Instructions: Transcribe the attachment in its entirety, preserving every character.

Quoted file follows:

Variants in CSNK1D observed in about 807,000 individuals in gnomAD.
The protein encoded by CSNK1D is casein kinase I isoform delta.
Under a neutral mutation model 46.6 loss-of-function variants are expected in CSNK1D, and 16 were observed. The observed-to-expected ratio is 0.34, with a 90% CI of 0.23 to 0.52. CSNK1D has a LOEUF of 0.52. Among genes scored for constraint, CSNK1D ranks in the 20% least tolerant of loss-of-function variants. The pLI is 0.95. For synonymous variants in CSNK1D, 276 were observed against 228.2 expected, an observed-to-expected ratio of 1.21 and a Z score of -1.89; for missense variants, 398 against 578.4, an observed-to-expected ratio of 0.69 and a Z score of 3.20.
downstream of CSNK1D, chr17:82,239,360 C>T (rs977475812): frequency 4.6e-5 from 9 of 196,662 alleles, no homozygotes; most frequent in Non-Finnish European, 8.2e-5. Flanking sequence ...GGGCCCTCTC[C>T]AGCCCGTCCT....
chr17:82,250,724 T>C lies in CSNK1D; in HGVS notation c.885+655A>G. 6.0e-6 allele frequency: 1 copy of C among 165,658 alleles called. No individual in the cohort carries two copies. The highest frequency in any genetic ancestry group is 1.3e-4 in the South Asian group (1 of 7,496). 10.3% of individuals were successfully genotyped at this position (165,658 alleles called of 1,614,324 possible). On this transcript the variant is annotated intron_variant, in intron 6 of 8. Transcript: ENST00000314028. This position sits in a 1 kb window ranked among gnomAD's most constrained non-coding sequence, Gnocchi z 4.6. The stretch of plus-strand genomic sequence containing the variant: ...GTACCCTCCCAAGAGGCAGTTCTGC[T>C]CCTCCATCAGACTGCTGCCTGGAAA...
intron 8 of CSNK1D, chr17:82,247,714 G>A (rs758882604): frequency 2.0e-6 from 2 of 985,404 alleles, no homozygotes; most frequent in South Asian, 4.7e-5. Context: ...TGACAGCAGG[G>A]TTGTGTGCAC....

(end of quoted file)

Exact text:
Variants in CSNK1D observed in about 807,000 individuals in gnomAD.
The protein encoded by CSNK1D is casein kinase I isoform delta.
Under a neutral mutation model 46.6 loss-of-function variants are expected in CSNK1D, and 16 were observed. The observed-to-expected ratio is 0.34, with a 90% CI of 0.23 to 0.52. CSNK1D has a LOEUF of 0.52. Among genes scored for constraint, CSNK1D ranks in the 20% least tolerant of loss-of-function variants. The pLI is 0.95. For synonymous variants in CSNK1D, 276 were observed against 228.2 expected, an observed-to-expected ratio of 1.21 and a Z score of -1.89; for missense variants, 398 against 578.4, an observed-to-expected ratio of 0.69 and a Z score of 3.20.
downstream of CSNK1D, chr17:82,239,360 C>T (rs977475812): frequency 4.6e-5 from 9 of 196,662 alleles, no homozygotes; most frequent in Non-Finnish European, 8.2e-5. Flanking sequence ...GGGCCCTCTC[C>T]AGCCCGTCCT....
chr17:82,250,724 T>C lies in CSNK1D; in HGVS notation c.885+655A>G. 6.0e-6 allele frequency: 1 copy of C among 165,658 alleles called. No individual in the cohort carries two copies. The highest frequency in any genetic ancestry group is 1.3e-4 in the South Asian group (1 of 7,496). 10.3% of individuals were successfully genotyped at this position (165,658 alleles called of 1,614,324 possible). On this transcript the variant is annotated intron_variant, in intron 6 of 8. Transcript: ENST00000314028. This position sits in a 1 kb window ranked among gnomAD's most constrained non-coding sequence, Gnocchi z 4.6. The stretch of plus-strand genomic sequence containing the variant: ...GTACCCTCCCAAGAGGCAGTTCTGC[T>C]CCTCCATCAGACTGCTGCCTGGAAA...
intron 8 of CSNK1D, chr17:82,247,714 G>A (rs758882604): frequency 2.0e-6 from 2 of 985,404 alleles, no homozygotes; most frequent in South Asian, 4.7e-5. Context: ...TGACAGCAGG[G>A]TTGTGTGCAC....